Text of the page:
" ... He doesn’t have to prove that he loves Black people to anybody. ... He cared before and was doing things in the community. But there has to be a conversation with many of those people who were legitimately, genuinely and rightfully hurt because of who he is and how people, especially in New Orleans, love him and look up to him."

Check out the McCourty twins' full conversation with Watson below:


McCourty twins address Drew Brees' controversial comments, whether they forgive Saints QB

File photo

McCourty twins address Drew Brees' controversial comments, whether they forgive Saints QB

Drew Brees has taken plenty of heat lately due to the comments he made about players "disrespecting the American flag" by kneeling during the national anthem.

The New Orleans Saints quarterback was asked during an interview with Yahoo! Finance about players kneeling during the anthem to protest police brutality and racial injustice in America. Brees answered, “I will never agree with anybody disrespecting the flag of the United States of America or our country."

It didn't take long for the veteran QB to get backlash for those insensitive remarks. A number of Brees' NFL peers, including both Devin and Jason McCourty of the New England Patriots, scolded him for his comments.

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On Thursday, the McCourty twins delved deeper into the subject on a special edition of their Double Coverage podcast titled "Bridge To Action." Following an enlightening interview with former FBI special agent M. Quentin Williams, which you can watch below, the McCourtys addressed the Brees situation. 

"Everybody's been in an uproar over Drew Brees' comments, and obviously we've responded on Twitter," said Jason McCourty. "Somebody had asked earlier, 'do we forgive him?' and I don't think any of this thing is about forgiveness. It's not about Drew Brees, it's not about Jason or Devin McCourty, it's about realizing, 'Alright, here's an issue and we need to find a solution for that issue.' Like, you don't have an issue with Drew Brees when he makes those statements. You have an issue with that train of thought, and that thought is what we're trying to move away from.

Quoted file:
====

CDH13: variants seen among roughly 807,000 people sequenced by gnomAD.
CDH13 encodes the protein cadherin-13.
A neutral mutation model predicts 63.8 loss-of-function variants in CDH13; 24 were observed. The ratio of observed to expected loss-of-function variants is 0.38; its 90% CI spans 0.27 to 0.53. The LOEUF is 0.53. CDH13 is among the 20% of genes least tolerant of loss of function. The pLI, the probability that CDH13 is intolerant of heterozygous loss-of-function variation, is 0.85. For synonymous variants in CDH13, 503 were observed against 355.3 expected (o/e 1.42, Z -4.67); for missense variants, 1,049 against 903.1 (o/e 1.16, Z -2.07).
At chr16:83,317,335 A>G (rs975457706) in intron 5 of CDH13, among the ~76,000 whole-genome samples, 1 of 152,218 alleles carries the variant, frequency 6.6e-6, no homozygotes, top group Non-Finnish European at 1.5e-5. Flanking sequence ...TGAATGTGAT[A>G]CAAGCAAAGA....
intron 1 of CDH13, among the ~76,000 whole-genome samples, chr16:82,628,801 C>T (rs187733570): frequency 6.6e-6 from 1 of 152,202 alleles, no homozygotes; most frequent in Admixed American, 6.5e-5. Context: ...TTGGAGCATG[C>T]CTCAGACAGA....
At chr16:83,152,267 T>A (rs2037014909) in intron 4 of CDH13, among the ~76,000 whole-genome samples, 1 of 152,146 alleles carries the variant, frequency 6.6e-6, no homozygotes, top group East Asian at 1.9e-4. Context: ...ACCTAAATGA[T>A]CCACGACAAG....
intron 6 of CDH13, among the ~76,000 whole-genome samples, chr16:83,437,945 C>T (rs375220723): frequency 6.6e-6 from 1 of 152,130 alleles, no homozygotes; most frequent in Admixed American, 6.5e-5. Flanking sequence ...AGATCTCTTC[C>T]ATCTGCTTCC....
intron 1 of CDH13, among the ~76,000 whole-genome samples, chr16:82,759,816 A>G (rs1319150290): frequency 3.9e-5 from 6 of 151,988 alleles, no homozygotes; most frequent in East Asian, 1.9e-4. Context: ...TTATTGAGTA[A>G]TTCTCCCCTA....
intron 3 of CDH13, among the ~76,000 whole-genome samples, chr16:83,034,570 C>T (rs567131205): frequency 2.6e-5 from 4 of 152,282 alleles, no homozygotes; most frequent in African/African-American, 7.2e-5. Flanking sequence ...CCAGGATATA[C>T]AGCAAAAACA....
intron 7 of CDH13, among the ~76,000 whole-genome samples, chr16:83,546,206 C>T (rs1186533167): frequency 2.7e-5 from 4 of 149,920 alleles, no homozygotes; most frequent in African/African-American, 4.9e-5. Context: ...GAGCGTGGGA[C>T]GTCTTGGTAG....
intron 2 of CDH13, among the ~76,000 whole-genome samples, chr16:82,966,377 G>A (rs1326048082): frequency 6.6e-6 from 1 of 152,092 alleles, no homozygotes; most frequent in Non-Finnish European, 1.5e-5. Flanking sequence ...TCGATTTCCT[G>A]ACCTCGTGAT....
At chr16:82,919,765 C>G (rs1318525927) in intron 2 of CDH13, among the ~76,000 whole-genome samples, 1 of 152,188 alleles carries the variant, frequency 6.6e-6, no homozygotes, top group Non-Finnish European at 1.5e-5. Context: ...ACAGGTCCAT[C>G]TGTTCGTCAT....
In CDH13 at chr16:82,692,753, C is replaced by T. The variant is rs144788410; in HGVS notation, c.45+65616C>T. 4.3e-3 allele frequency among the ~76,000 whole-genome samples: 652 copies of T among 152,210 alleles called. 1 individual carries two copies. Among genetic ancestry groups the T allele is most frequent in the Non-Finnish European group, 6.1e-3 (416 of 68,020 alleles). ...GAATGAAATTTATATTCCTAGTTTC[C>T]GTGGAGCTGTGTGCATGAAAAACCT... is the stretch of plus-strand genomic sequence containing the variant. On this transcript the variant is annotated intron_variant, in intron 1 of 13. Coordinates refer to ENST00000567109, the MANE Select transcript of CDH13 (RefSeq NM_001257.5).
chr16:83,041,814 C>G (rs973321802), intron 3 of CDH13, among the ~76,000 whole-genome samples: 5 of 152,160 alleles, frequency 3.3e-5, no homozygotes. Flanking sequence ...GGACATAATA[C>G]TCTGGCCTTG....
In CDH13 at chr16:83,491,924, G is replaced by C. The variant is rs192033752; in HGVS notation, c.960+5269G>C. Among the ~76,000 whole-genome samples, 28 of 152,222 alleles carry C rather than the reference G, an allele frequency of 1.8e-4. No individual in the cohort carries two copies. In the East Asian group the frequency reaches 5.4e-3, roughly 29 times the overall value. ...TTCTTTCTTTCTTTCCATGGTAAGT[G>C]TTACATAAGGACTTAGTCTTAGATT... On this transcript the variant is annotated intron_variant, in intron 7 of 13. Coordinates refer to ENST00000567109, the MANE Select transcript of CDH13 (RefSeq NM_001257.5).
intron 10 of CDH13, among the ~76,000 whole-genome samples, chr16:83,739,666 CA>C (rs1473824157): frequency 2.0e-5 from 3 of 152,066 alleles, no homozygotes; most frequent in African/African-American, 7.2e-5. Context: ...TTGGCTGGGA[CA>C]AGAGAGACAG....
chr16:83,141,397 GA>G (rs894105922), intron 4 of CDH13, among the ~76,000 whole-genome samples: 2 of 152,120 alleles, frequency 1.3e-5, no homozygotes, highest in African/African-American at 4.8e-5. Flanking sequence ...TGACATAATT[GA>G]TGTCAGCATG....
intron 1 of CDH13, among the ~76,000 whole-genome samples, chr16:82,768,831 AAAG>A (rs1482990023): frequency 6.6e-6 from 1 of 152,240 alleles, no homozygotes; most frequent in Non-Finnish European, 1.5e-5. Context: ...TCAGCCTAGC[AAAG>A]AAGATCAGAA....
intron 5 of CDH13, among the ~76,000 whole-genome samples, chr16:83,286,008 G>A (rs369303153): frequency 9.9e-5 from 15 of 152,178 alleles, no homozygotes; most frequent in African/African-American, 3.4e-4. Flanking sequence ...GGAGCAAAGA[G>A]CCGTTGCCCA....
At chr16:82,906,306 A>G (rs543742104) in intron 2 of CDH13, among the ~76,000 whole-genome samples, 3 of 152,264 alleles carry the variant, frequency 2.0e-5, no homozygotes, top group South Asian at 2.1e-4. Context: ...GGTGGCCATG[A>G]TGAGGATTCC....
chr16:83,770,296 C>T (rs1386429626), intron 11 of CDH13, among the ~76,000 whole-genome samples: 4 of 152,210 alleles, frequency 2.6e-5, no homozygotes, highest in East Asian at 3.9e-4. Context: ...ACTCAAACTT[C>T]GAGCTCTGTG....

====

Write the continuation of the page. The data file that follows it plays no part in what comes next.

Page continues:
"So as soon as anyone who has that thought is willing to dive in and learn, and open up dialogue to talk about -- because I think sometimes we subconsciously have thoughts that we don't know we have, and then we say some things that we may have to take some time to go back and self-reflect ... Maybe I need to look inwardly and see like, 'Hey, maybe I'm not looking at this thing the right way. And I think when we're able to do that, there's no animosity or hostility toward anyone because that's not what we're trying to do. It's about there's an issue, and we want to fix this issue."

Devin McCourty doubled down on what his brother had to say and mentioned that he doesn't have anything against Brees. Rather, he hopes this will help the 41-year-old and others like him look at the situation from a different perspective.

"It's not about forgiving or hating," said Devin. "Like, I've never hated Drew Brees. I don't even know Drew Brees. So it was never about that. It was just, how can we get people to now not look through those lenses. And he's a guy who if he doesn't look through those lenses, he can get a lot of other people to feel the same way. So hopefully some good turns out from that."

Brees has since issued an apology for his comments, saying they "lacked awareness and any type of compassion or empathy."

Beyond the McCourty twins' comments on Brees, their interview with Williams is well worth the watch. Williams is the founder and CEO of the non-profit organization Dedication to Community, whose mission is to "empower individuals and communities to achieve their business and societal goals through the spirit of entrepreneurial enterprise and community advocacy. The McCourtys and Williams had a mindful conversation about the recent killings of unarmed black men, the relationship between law enforcement and communities of color, and the next steps to implementing positive change in the United States.